Mahalla – Urban Rural Living: Showcasing the Cultural Heritage of Uzbekistan at Venice Biennale of Architecture (Alsu Akhmetzyanova, Uzbekistan, ITP Fellow 2019)

Written by Alsu Akhmetzyanova, Head of Education, Arts and Culture Development Foundation (Uzbekistan, ITP Fellow 2019)

In the recent years, large scale changes have been taking place in Uzbekistan, including massive efforts to be recognised on the international stage as for a quite a long time, Uzbekistan seemed to be a closed and mysterious country for people abroad.

One of the biggest international projects was the first participation of Uzbekistan with its national pavilion on the Architectural Biennale in Venice. The Arts and Culture Development Foundation applied as a commissioner of the national pavilion in 2019, but due to the pandemic the event was postponed until May 2021. This gave us enough time to undertake deep academic research and documentation on the cultural heritage called Mahalla. Mahalla is considered to be the threatened forms of community living, a concept which was perfectly matched to the topic of the Biennale “How will we live together?”

“Mahallas” are units of community, so called tiny separated neighbourhoods, that function as a truly rural space embedded in an urban context. They are commonly spread in the Arab world, Western and Central Asia, the Indian subcontinent, and the Balkans. Such a traditional form of common living is built around family bonds and daily routine, and has effective self-governing bodies. Mahallas have their own unique architecture, traditions, smells, sounds and even lifestyle.

At the moment, there are around 9,000 Mahallas left in Uzbekistan. Due to the rapid process of urban revolution, these are under a big threat of demolition, substituting not only the architecture of the country, but the mentality and lifestyle of the inhabitants. Therefore, the curatorial team explored the question whether the social organisation of these neighbourhoods and their various architectural formations offer urban society a sustainable and ecological model.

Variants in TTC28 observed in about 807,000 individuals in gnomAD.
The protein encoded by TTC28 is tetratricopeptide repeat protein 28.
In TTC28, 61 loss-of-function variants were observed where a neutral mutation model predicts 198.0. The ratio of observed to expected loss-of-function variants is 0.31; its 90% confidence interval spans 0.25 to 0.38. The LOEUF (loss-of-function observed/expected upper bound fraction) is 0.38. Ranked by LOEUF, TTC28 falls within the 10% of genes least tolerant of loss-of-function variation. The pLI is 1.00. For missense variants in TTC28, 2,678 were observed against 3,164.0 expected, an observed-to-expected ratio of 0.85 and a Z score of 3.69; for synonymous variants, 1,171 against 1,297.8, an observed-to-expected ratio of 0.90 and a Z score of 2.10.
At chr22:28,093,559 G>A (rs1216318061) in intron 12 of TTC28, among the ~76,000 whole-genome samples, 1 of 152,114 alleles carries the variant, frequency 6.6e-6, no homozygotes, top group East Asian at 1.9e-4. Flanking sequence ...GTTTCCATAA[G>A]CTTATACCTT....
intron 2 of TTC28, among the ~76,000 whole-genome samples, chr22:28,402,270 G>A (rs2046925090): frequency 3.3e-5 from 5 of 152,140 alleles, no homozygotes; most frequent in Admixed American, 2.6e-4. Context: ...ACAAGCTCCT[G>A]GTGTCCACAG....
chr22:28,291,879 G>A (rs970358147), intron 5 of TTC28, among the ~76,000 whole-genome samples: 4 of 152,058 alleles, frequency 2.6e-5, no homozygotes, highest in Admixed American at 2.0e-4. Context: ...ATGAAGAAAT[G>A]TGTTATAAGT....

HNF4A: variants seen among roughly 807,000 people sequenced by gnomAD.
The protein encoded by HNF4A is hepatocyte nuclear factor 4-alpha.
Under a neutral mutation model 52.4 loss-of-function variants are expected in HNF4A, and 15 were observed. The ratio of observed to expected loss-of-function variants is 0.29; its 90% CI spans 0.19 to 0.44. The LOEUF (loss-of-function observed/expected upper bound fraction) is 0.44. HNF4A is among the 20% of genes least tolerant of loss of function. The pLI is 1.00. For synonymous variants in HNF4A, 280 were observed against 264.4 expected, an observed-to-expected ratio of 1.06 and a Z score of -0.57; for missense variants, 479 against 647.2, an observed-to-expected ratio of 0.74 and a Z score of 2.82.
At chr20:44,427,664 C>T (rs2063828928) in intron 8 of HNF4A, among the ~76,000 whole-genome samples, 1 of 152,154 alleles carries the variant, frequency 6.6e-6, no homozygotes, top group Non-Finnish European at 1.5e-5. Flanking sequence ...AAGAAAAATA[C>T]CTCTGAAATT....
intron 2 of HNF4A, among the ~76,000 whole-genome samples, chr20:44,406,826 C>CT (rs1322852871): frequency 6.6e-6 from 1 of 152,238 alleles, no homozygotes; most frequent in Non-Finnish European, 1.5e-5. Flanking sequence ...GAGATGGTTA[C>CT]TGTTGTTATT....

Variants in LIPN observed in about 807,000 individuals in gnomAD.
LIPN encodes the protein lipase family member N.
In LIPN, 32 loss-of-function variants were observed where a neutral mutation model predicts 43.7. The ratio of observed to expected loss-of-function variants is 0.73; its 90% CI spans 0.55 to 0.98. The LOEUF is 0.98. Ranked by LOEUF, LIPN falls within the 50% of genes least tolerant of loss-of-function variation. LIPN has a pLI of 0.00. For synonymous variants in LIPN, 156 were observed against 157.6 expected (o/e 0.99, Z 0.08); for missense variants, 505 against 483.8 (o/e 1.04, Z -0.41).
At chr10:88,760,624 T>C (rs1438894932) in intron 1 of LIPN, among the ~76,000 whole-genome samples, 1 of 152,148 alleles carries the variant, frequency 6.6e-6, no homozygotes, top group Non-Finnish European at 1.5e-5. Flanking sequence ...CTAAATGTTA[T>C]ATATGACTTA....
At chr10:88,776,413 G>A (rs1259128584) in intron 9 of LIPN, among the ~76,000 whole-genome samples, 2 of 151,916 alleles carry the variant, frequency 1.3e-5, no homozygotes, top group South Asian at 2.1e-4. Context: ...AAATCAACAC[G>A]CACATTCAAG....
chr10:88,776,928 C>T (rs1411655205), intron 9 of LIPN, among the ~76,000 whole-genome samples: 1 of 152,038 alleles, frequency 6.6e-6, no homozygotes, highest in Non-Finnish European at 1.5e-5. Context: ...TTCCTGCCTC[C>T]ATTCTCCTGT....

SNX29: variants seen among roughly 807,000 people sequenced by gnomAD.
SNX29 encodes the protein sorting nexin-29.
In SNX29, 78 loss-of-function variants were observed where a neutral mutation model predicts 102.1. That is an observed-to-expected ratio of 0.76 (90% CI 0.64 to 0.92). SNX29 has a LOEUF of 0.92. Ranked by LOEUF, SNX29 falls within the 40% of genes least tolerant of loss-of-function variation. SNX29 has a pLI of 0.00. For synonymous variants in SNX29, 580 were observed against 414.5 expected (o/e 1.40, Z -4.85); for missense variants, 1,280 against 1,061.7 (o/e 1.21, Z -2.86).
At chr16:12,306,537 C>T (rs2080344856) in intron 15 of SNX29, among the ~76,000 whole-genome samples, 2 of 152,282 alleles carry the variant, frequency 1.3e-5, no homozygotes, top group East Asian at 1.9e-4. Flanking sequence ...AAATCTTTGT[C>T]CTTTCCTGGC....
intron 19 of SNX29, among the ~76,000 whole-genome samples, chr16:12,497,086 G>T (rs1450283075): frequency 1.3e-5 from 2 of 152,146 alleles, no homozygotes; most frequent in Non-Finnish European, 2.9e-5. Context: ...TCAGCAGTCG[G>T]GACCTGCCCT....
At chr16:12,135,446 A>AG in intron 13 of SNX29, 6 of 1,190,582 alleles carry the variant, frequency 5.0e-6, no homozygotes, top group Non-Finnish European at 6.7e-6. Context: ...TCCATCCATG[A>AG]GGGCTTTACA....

The pavilion “Mahalla: Urban Rural Living” represents not only a 1:1 scale model of a Mahalla house occupying the whole space of the Quarta Tesa at Arsenale, but also research and documentation led by ETH Zurich professors Emanuel Christ and Christoph Gantenbein, together with Adjunct Curator Victoria Easton. Throughout the research, the ETH Zurich team collaborated with local scientists, artists and the participants of the cross-disciplinary, experimental laboratory of the Centre for Contemporary Arts in Tashkent.

In the pavilion visitors can experience different habitats, from room to room – the atmospheric soundscapes created by Carlos Casas Some, and extracts of Mahalla houses as fragments of spaces represented by photographs by Bas Princen.

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Additionally, some digital tools were developed: a website giving information about the project ( https://www.mahallavenice.uz ), an app which allows the visitor to experience the house structure suggested by the soundscapes (Mahalla: Urban Rural Living available on AppStore and GooglePlay), and a page at Google Arts and Culture which gives the opportunity to visit the exhibition online ( https://artsandculture.google.com/story/zgUxn90l5CRP2Q ).

This emotional, aesthetic, and spatial experience is complemented by an analytical and intellectual experience conveyed by the catalogue. Additional content is provided in a special edition published by Humboldt Books, a carefully designed folder which features a series of prints by Bas Princen and a recording by Carlos Casas.

Based on collected data and a wide range of foreign experts involved, the Mahalla Stories series of events were hosted in Venice. Mahalla Stories is a series of educational and cultural events which includes the performance of Uzbek traditional music, public talks and lectures on academic research of the topic of Mahallas, open sessions on sound, and film screenings of the film “Mahallada duv-duv gap” (The whole Mahalla speaks about it).

The participation of Uzbekistan in the 17th Architectural Biennale has laid the foundation to the long-term research of the topic Mahalla, and might impact the architectural planning of the restructure of the cities of Uzbekistan.

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1 Comment

  1. Iffat Azeem

    It is a good piece of information and exactly the same mohallah settlements are present in the towns and cities of pakistan.each mohallah has its distinct community based on caste or sect for example mohallah kashmiryan,loharan(iron smiths) etc.even we have bazaar names on ethnic and occupational background in lahore.i build some type of connectivity with Uzbekistan due to common mahalla terminology.

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